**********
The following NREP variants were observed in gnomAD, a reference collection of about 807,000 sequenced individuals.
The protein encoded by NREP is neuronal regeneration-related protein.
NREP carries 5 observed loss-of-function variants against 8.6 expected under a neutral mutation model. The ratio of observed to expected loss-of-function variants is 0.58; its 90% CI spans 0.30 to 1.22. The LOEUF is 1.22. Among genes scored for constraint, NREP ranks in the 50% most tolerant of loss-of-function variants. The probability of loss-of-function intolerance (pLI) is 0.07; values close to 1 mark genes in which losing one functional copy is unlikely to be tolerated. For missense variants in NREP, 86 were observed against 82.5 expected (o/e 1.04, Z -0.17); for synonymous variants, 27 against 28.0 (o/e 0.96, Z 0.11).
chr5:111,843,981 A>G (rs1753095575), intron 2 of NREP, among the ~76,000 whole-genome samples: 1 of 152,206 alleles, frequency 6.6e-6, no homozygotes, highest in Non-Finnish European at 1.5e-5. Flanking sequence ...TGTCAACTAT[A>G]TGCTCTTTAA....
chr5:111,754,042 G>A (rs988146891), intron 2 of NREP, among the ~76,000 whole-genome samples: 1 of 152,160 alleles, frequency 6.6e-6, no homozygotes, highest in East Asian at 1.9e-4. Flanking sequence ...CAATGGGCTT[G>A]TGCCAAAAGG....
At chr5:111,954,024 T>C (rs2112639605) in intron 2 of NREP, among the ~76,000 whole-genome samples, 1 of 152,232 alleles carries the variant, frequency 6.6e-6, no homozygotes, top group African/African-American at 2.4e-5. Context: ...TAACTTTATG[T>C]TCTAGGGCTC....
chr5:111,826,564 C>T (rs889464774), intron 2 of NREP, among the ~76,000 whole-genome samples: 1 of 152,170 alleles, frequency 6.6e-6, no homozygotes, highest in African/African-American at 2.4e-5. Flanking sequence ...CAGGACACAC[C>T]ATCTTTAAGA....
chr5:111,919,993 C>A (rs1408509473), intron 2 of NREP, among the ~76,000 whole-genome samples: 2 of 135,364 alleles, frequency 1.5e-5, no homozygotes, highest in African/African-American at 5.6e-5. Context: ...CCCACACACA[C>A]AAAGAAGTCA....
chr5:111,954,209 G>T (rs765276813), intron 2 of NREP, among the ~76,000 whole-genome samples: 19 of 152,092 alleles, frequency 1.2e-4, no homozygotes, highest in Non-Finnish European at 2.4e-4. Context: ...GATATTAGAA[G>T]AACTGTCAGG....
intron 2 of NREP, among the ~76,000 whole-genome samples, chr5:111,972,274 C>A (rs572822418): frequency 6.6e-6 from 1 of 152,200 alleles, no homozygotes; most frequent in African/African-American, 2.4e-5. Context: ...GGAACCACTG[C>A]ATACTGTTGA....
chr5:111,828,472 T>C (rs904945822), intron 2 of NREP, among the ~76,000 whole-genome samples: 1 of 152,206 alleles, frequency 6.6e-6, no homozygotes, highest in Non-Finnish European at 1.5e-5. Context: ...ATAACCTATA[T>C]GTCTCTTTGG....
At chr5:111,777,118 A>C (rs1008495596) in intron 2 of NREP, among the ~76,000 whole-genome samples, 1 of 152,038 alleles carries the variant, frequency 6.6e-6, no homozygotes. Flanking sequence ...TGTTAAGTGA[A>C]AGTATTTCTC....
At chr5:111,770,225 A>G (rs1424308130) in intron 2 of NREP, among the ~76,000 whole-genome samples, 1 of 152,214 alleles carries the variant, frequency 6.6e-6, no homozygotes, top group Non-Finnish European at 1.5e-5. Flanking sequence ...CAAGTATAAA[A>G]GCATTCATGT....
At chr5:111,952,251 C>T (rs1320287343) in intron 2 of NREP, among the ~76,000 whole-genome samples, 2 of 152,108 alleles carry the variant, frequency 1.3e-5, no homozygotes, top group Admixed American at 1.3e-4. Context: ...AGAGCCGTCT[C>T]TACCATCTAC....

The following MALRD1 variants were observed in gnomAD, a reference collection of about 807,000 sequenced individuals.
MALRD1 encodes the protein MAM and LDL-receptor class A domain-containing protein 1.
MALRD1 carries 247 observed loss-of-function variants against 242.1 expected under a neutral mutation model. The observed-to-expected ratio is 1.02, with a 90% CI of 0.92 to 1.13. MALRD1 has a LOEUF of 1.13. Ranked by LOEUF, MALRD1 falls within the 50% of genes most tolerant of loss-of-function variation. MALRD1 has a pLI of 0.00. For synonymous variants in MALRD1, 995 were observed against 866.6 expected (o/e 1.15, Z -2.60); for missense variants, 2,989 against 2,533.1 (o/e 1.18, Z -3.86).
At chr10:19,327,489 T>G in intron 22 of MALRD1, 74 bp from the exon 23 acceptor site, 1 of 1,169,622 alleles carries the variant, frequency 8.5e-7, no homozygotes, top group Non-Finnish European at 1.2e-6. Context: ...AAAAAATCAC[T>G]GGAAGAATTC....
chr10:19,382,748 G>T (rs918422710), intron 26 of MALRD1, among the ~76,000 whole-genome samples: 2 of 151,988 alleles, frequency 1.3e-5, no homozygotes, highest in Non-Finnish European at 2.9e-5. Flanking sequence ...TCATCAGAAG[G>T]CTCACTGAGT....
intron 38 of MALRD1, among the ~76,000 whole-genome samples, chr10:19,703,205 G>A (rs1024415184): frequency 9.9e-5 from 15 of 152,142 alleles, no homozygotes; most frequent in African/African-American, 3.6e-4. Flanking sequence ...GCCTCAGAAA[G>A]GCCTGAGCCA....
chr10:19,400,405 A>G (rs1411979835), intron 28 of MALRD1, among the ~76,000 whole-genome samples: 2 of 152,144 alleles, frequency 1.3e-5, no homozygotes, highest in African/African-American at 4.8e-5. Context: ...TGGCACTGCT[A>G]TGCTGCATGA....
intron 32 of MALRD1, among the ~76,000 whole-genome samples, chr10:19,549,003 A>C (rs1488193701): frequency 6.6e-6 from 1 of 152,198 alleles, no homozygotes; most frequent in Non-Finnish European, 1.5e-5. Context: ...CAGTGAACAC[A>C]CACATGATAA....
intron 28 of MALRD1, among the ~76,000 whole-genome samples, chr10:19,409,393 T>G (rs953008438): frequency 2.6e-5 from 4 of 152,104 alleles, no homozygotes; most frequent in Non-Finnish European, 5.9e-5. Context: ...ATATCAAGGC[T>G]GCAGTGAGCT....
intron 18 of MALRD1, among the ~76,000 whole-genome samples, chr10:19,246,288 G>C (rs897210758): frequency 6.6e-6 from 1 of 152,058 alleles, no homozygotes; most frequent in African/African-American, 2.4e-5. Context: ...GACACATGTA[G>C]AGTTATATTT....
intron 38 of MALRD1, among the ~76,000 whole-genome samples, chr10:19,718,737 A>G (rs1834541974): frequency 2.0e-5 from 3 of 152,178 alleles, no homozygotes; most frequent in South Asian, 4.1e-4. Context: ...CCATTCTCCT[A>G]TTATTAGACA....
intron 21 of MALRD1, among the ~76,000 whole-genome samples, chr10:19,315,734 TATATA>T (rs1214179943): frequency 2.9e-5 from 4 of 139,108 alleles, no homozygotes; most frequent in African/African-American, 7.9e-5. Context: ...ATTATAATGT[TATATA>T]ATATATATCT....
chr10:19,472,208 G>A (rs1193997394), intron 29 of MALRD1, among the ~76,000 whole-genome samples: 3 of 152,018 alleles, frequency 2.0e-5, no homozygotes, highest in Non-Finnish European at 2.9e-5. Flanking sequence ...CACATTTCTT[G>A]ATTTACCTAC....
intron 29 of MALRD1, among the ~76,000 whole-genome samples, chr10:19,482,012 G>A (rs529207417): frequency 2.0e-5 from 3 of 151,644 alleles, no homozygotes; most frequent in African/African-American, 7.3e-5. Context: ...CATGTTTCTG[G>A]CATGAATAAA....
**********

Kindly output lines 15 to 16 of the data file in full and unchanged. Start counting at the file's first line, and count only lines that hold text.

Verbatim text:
The following MALRD1 variants were observed in gnomAD, a reference collection of about 807,000 sequenced individuals.
MALRD1 encodes the protein MAM and LDL-receptor class A domain-containing protein 1.